2.2. Animal Models

2.2.1. Flotillin-1 Knockout Mice

Flotillin-1 knockout mice are viable and fertile and do not show any obvious phenotype [40]. As expected from what we know from cell culture data, the expression of flotillin-2 is also reduced in these mice. The remaining flotillin-2 is not located in membrane rafts anymore, but shows a uniform distribution across the plasma membrane. Consistently, flotillin microdomains are absent in these mice. Normally, flotillin containing microdomains accumulate in stimulated, polarizing neutrophils in a plasma membrane protrusion referred to as the uropod [68,69,70]. In general, this uropod is important for proper leukocyte signal transduction, cell adhesion, migration, and apoptosis (for a review see [71]). In the case of the flotillin-1 knockout mice, neutrophil recruitment after treatment with the chemotactic bacterial peptide N-formyl-methionyl-leucyl-phenylalanine (fMLP) was reduced to 20%, which was explained by the requirement of flotillin containing microdomains for neutrophil recruitment and migration [40]. In addition, neutrophils isolated from flotillin-1 knockout mice show a reduced phosphorylation of the uropod component myosin IIa whose phosphorylation and hence activity is needed for uropod formation. From these data, it was concluded that flotillins spatially organize the membrane during neutrophil polarization and are therefore needed for proper uropod formation [40].

If the activation of receptor tyrosine kinases is affected in flotillin-1 knockout mice has not been analyzed so far. From what we know from cell culture studies [22], one would expect defects in EGFR as well as ERK1/2 activation. However, the activation of ERK1/2 in neutrophils upon fMLP treatment was not changed [40], but if this is also the case for other cell types and stimuli awaits further analysis.

2.2.2. Flotillin-2 Knockout Mice

Flotillin-2 knockout mice were independently developed by two laboratories, including ours [23,39]. Similarly to the flotillin-1 knockout mice, they do not display any obvious phenotype or developmental defects. For the description of the mice generated by Berger et al. [39], please refer to Section 3.2. As expected, flotillin-2 knockout resulted also in a highly reduced expression of the flotillin-1 protein. The residual flotillin-1 was not located in membrane rafts anymore, but was found solely in high density membrane fractions, whereas caveolin-1 showed a normal distribution. This indicates that genetic ablation of flotillin-2 abolishes the formation of flotillin rafts but not that of the caveolae subtype of rafts [39]. Hence, the results from all flotillin knockout mouse models described so far emphasize that both flotillins are required for the formation of flotillin microdomains within membranes.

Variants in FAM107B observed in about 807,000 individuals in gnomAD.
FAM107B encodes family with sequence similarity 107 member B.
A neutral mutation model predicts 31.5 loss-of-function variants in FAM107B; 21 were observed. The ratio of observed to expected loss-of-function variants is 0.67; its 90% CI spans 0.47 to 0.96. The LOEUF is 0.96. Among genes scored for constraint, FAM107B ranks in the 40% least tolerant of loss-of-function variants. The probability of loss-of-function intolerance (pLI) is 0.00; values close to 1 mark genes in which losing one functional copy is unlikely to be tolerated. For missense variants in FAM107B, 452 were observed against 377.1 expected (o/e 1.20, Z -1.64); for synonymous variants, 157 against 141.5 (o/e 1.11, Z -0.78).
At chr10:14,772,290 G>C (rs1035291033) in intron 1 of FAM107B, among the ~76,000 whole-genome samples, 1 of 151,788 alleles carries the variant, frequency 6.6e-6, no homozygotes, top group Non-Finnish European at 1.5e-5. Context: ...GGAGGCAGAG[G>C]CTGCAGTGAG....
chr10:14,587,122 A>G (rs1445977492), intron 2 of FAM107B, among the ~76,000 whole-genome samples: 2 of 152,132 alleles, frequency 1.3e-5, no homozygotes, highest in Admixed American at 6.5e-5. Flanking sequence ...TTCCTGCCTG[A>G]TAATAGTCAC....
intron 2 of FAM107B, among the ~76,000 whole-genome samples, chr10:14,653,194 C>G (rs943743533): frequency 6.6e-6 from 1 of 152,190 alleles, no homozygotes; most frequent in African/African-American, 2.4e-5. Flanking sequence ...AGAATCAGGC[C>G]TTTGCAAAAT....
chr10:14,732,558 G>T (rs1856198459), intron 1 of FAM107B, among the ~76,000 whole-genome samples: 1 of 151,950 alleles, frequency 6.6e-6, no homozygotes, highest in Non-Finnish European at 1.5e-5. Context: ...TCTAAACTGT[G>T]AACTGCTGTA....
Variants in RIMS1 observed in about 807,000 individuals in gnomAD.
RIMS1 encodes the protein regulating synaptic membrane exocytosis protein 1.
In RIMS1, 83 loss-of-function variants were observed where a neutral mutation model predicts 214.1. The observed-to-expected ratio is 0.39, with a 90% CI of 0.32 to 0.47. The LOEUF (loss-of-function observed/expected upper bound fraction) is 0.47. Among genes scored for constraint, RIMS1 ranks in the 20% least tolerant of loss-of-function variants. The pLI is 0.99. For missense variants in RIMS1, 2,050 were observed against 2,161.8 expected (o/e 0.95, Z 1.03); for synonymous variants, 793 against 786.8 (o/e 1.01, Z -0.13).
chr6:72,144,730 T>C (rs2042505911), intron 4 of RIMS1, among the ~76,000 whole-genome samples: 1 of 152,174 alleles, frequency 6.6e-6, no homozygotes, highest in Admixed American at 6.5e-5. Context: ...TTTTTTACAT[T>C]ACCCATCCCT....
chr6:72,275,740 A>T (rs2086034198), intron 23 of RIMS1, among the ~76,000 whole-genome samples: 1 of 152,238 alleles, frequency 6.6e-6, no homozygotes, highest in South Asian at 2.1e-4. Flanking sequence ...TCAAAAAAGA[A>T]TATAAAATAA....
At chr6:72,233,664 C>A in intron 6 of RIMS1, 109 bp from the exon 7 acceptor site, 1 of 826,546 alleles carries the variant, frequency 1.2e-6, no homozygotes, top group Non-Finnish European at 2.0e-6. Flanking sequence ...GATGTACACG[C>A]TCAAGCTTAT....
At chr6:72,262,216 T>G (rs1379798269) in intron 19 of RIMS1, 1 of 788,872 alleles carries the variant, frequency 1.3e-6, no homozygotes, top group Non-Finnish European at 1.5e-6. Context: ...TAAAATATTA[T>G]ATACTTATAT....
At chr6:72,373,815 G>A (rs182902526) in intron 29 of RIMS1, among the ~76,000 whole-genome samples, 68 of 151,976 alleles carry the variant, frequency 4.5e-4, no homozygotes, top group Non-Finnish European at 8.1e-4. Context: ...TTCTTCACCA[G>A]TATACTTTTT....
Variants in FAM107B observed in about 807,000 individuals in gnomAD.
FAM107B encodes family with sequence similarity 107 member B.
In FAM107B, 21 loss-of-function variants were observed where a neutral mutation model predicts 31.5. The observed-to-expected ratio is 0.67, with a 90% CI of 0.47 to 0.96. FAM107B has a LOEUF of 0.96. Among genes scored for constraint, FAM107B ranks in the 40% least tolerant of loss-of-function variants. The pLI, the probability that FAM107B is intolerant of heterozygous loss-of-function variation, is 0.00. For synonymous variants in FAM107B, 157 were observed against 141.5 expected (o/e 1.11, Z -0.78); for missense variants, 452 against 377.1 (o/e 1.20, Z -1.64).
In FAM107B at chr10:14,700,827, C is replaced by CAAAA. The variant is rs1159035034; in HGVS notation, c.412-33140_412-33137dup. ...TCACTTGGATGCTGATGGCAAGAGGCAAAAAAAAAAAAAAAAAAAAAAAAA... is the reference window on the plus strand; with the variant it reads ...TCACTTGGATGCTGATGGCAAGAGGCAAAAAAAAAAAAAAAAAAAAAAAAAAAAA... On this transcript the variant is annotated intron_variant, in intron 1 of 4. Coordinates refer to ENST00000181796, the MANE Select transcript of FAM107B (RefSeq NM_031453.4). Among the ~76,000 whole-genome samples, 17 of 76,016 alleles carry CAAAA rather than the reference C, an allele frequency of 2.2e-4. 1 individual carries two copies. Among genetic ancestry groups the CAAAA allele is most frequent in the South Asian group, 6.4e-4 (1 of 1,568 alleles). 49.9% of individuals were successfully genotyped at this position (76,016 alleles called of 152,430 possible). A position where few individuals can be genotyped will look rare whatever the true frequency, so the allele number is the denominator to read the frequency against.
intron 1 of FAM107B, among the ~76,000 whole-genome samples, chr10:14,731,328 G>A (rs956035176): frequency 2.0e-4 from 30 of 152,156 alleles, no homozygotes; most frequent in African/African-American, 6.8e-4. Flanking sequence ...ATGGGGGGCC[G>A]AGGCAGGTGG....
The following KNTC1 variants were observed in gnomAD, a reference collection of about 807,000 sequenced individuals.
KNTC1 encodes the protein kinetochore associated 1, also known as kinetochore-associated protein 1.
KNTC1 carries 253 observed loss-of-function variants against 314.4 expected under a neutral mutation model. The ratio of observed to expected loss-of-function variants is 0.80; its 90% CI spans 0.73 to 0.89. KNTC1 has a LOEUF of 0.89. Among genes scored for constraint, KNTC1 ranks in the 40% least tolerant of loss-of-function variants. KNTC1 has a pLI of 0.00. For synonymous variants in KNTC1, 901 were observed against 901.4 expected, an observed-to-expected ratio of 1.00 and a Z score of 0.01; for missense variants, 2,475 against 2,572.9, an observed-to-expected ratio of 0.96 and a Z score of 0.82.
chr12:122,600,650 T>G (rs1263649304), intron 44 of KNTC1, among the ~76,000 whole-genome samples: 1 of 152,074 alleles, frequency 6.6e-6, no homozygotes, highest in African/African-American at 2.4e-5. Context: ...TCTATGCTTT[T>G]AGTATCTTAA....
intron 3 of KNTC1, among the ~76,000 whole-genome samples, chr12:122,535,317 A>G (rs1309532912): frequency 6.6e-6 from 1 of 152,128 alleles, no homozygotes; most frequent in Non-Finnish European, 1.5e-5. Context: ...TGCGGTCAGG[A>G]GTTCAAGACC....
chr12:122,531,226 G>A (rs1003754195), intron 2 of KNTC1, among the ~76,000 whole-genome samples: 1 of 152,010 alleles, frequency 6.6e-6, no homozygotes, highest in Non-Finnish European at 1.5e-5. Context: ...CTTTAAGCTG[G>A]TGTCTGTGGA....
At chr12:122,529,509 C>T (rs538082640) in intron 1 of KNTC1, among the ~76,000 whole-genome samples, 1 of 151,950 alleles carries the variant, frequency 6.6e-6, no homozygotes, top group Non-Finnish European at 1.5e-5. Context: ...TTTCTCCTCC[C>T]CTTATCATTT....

In order to analyze the global gene expression changes upon flotillin-2 knockout, we performed microarray experiments with RNA isolated from four different organs (liver, lung, kidney and colon). In all organs analyzed, flotillin-2 knockout animals displayed a significant up-regulation of ERK1/2 downstream effectors (e.g., Egr1, Fos) and their respective target genes, pointing towards an increased activity of the MAPK pathway in these mice. In addition, flotillin-2 knockout mouse embryonic fibroblasts (MEF) had a significantly increased basal ERK phosphorylation and activity which was accompanied by an increased phosphorylation of MAPK substrates [23]. These data are in line with the increased ERK1/2 activity that we have observed in cell culture studies where flotillin-2 was depleted by means of siRNAs. On the other hand, the dual specificity phosphatases Dusp1 and Dusp5, which are MAPK phosphatases and may thus negatively regulate MAP kinase signaling, also showed a higher expression in our flotillin-2 knockout mice and in flotillin-2 MEFs, most likely to compensate for the increased ERK1/2 activity [23].

3. Flotillins in Cancer and Metastasis Formation

Several recent publications have revealed that flotillins are associated with various types of human cancers. This has significantly advanced our understanding of the elusive cellular functions of flotillins. The largest amount of data has been obtained for melanoma and breast cancer which are reviewed below. Table 1 summarizes the literature on changes in flotillin expression in various types of human cancers.

Table Table 1. Changes in flotillin expression in human cancers.

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Table 1. Changes in flotillin expression in human cancers.